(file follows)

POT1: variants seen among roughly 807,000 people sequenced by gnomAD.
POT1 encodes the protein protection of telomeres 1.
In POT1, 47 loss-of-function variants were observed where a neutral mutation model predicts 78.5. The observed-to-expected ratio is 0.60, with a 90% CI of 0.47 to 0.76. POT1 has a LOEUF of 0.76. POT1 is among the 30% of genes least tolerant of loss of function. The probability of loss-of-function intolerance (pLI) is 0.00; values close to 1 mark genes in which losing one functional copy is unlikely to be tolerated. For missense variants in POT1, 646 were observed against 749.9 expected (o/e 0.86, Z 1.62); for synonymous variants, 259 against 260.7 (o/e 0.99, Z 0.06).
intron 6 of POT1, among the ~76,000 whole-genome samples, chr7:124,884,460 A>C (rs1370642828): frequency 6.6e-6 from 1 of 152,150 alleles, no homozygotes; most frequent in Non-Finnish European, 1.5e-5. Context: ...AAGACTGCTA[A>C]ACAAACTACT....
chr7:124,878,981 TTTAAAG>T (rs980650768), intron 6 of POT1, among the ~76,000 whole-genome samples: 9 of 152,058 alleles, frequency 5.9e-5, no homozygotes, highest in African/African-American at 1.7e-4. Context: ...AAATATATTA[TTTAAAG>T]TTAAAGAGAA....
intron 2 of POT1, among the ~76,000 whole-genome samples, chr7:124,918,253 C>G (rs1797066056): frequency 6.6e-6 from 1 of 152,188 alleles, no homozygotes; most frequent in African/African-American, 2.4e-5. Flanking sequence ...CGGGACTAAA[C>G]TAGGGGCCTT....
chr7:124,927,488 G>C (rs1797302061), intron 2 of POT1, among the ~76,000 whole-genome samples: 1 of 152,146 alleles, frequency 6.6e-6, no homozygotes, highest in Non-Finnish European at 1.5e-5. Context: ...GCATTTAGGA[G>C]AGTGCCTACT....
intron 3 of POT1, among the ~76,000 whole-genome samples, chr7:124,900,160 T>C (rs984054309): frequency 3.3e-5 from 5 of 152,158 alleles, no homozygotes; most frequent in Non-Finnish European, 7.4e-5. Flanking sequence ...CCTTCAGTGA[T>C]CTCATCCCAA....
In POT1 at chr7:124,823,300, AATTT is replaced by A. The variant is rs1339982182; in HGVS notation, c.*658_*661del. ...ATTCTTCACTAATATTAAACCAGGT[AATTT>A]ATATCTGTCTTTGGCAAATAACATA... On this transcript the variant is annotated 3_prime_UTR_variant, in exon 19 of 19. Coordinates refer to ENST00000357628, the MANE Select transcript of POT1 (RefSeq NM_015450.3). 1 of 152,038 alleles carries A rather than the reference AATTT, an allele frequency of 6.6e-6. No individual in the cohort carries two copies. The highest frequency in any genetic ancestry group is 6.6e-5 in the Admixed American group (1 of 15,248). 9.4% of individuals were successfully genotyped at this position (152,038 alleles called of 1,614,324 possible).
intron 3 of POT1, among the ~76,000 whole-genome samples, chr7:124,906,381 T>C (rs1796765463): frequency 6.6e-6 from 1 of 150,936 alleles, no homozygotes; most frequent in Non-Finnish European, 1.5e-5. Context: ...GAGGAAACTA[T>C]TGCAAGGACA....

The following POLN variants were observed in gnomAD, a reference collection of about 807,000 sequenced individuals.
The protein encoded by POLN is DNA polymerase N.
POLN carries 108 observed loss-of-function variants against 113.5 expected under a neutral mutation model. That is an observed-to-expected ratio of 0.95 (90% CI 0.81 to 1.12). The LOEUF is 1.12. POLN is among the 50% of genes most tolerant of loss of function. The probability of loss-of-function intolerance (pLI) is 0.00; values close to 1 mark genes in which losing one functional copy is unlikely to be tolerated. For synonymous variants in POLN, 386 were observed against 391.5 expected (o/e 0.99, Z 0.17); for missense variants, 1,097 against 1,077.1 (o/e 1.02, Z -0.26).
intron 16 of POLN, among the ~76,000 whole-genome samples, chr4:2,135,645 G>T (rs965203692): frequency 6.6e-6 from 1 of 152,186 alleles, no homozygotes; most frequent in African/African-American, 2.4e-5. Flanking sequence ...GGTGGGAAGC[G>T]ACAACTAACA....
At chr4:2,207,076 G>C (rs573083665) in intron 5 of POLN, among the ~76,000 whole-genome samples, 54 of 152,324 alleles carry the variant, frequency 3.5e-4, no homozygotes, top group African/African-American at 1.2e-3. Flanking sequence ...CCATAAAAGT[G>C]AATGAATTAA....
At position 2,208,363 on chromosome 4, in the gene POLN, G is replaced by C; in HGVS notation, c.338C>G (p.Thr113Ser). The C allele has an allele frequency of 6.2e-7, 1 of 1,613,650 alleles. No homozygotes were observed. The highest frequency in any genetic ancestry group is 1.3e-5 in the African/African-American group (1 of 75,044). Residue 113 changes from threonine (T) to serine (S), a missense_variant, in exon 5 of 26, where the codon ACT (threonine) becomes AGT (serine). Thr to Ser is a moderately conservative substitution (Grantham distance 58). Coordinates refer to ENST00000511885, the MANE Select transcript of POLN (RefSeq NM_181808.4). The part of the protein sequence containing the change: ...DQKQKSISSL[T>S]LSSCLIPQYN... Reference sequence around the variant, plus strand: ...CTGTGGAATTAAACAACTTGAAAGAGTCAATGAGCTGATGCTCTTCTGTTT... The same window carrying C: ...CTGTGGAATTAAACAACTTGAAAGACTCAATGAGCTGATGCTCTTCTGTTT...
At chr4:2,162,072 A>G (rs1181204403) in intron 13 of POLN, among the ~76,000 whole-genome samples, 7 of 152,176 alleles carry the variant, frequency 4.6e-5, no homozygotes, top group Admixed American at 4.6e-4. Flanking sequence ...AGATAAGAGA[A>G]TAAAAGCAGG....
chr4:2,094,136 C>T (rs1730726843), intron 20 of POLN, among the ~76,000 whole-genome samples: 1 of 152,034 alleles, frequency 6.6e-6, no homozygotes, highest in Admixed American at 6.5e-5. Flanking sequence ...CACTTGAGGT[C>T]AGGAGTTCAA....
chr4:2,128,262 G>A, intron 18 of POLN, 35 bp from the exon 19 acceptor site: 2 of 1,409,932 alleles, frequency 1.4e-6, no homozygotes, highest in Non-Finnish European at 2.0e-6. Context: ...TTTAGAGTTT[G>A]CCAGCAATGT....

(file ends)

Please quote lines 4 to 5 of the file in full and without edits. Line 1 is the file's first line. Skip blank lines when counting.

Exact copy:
intron 6 of POT1, among the ~76,000 whole-genome samples, chr7:124,884,460 A>C (rs1370642828): frequency 6.6e-6 from 1 of 152,150 alleles, no homozygotes; most frequent in Non-Finnish European, 1.5e-5. Context: ...AAGACTGCTA[A>C]ACAAACTACT....
chr7:124,878,981 TTTAAAG>T (rs980650768), intron 6 of POT1, among the ~76,000 whole-genome samples: 9 of 152,058 alleles, frequency 5.9e-5, no homozygotes, highest in African/African-American at 1.7e-4. Context: ...AAATATATTA[TTTAAAG>T]TTAAAGAGAA....